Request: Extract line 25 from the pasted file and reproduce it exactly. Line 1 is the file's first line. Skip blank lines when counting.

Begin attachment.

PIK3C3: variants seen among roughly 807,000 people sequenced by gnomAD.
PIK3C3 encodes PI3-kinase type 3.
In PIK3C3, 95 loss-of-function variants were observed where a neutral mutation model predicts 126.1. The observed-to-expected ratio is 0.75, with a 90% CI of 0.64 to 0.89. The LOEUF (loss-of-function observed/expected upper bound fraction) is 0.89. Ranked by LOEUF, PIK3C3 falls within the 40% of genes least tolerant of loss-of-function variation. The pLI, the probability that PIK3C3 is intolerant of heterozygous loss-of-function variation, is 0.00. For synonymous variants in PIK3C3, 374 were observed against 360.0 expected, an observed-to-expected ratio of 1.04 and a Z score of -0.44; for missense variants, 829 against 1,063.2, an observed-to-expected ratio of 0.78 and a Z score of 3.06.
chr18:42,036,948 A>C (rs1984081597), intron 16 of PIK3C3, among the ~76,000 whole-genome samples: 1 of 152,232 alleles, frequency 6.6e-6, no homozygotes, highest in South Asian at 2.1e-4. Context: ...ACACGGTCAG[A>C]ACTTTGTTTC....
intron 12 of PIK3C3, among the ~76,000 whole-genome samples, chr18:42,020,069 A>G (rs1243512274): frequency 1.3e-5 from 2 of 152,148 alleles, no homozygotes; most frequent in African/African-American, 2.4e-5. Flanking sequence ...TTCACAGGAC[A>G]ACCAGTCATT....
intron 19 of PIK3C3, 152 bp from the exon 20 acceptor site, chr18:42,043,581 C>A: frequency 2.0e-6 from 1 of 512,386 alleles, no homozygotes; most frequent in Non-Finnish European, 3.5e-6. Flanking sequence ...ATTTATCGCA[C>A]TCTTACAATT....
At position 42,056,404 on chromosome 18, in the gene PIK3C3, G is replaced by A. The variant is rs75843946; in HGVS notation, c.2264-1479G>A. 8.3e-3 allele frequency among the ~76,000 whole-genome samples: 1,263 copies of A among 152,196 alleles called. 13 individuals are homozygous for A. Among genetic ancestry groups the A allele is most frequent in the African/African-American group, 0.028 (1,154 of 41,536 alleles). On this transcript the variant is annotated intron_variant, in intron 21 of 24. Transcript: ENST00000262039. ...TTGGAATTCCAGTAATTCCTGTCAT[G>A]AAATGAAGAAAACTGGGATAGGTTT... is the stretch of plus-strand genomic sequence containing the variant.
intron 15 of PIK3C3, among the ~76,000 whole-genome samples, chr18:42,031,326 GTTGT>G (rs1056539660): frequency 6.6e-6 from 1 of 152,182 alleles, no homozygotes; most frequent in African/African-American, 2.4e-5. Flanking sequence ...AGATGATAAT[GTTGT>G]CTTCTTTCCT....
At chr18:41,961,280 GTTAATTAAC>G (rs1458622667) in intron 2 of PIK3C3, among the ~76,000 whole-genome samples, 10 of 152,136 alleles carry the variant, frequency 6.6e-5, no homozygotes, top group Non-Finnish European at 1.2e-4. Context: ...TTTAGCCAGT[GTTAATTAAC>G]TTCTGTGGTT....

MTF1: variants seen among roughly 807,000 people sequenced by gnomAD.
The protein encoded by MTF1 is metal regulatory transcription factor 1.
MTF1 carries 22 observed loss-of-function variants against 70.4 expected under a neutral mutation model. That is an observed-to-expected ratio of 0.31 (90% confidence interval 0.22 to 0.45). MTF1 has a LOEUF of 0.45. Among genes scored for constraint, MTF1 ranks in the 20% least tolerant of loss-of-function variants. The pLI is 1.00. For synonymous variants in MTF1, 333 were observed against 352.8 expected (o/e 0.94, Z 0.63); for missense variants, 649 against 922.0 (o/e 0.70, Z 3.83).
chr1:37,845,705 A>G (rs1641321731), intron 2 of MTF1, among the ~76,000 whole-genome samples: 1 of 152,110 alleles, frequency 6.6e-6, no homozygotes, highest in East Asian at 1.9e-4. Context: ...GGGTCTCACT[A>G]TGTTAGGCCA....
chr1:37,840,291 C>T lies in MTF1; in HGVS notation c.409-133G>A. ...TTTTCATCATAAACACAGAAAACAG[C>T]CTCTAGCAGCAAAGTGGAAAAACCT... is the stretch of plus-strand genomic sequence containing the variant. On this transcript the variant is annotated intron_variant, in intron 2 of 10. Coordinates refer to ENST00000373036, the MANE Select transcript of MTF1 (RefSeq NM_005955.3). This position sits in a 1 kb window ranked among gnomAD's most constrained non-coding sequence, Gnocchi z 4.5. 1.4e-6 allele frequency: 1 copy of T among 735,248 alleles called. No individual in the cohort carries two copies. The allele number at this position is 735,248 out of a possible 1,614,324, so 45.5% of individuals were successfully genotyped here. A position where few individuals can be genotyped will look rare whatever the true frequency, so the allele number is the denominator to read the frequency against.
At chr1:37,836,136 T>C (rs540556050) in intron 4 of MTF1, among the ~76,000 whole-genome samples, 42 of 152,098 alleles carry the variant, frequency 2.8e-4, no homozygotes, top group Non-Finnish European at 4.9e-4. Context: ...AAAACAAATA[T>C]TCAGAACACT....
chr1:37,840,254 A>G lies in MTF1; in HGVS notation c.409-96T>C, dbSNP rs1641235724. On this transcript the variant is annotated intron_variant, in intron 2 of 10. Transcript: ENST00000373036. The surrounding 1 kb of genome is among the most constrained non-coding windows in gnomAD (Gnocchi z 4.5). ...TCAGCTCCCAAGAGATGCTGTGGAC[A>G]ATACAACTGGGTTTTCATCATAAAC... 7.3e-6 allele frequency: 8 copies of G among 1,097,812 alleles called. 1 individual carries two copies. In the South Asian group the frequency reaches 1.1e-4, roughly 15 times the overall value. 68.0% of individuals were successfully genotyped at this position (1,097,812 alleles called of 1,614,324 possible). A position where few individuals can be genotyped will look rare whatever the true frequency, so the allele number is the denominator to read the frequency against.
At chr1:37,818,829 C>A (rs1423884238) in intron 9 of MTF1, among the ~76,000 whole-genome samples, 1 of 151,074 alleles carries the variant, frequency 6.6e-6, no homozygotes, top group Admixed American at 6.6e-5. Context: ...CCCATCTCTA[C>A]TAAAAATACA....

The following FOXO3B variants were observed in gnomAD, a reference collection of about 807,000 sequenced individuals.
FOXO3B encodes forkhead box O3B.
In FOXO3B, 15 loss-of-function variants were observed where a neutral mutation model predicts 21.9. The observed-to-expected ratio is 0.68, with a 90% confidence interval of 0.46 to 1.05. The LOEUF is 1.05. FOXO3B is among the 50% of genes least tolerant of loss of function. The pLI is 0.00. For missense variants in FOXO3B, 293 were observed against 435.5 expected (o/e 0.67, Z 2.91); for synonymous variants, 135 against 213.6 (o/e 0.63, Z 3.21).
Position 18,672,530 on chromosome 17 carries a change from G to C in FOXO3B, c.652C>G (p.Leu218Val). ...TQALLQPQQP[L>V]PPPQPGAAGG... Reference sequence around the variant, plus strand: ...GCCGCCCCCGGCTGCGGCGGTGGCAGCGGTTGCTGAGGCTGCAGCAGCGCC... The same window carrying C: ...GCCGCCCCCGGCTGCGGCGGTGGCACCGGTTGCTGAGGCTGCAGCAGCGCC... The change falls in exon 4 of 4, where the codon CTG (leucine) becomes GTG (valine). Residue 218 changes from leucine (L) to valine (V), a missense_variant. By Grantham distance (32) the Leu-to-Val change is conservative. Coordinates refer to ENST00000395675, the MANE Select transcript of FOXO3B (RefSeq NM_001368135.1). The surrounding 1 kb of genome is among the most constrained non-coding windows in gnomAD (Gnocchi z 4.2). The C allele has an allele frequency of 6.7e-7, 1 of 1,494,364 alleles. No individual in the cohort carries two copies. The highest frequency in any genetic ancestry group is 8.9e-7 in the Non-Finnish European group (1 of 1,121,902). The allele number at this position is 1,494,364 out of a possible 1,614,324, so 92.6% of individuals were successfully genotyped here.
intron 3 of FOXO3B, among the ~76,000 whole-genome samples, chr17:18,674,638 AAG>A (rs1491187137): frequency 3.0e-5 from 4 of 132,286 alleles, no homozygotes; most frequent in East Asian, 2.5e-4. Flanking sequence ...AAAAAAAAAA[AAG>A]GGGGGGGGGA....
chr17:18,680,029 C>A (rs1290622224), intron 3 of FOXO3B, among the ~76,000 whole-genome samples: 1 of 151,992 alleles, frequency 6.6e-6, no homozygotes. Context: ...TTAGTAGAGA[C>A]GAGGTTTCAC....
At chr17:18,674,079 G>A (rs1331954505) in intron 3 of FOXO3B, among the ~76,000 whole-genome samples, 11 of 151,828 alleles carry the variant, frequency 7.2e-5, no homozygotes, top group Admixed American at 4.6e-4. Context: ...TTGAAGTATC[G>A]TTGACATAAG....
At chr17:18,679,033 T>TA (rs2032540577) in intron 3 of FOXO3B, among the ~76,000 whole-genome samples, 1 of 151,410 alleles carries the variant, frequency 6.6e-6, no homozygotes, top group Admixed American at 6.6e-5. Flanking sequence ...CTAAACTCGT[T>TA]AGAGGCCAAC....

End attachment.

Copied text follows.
At chr17:18,679,033 T>TA (rs2032540577) in intron 3 of FOXO3B, among the ~76,000 whole-genome samples, 1 of 151,410 alleles carries the variant, frequency 6.6e-6, no homozygotes, top group Admixed American at 6.6e-5. Flanking sequence ...CTAAACTCGT[T>TA]AGAGGCCAAC....